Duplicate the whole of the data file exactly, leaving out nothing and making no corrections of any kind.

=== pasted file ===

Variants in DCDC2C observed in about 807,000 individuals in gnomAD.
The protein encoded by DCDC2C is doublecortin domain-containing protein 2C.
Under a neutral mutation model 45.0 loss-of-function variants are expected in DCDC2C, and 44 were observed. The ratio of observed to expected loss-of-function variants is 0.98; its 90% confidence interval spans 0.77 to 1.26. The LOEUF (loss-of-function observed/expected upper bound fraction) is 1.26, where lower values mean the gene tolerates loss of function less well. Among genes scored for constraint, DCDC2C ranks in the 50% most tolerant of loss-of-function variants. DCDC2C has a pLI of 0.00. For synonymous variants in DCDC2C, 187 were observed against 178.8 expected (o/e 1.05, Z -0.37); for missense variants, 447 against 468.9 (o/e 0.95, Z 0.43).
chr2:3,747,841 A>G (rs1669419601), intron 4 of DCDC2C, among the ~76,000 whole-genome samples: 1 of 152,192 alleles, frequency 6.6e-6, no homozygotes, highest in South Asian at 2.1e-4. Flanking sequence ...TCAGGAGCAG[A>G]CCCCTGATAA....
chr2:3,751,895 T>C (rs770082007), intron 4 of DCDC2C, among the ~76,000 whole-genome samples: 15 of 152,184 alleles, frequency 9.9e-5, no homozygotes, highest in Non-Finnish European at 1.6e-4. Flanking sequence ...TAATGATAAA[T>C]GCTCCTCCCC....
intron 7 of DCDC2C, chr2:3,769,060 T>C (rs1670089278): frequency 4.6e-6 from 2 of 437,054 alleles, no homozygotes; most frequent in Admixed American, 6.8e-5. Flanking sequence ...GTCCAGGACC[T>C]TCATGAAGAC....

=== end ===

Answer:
Variants in DCDC2C observed in about 807,000 individuals in gnomAD.
The protein encoded by DCDC2C is doublecortin domain-containing protein 2C.
Under a neutral mutation model 45.0 loss-of-function variants are expected in DCDC2C, and 44 were observed. The ratio of observed to expected loss-of-function variants is 0.98; its 90% confidence interval spans 0.77 to 1.26. The LOEUF (loss-of-function observed/expected upper bound fraction) is 1.26, where lower values mean the gene tolerates loss of function less well. Among genes scored for constraint, DCDC2C ranks in the 50% most tolerant of loss-of-function variants. DCDC2C has a pLI of 0.00. For synonymous variants in DCDC2C, 187 were observed against 178.8 expected (o/e 1.05, Z -0.37); for missense variants, 447 against 468.9 (o/e 0.95, Z 0.43).
chr2:3,747,841 A>G (rs1669419601), intron 4 of DCDC2C, among the ~76,000 whole-genome samples: 1 of 152,192 alleles, frequency 6.6e-6, no homozygotes, highest in South Asian at 2.1e-4. Flanking sequence ...TCAGGAGCAG[A>G]CCCCTGATAA....
chr2:3,751,895 T>C (rs770082007), intron 4 of DCDC2C, among the ~76,000 whole-genome samples: 15 of 152,184 alleles, frequency 9.9e-5, no homozygotes, highest in Non-Finnish European at 1.6e-4. Flanking sequence ...TAATGATAAA[T>C]GCTCCTCCCC....
intron 7 of DCDC2C, chr2:3,769,060 T>C (rs1670089278): frequency 4.6e-6 from 2 of 437,054 alleles, no homozygotes; most frequent in Admixed American, 6.8e-5. Flanking sequence ...GTCCAGGACC[T>C]TCATGAAGAC....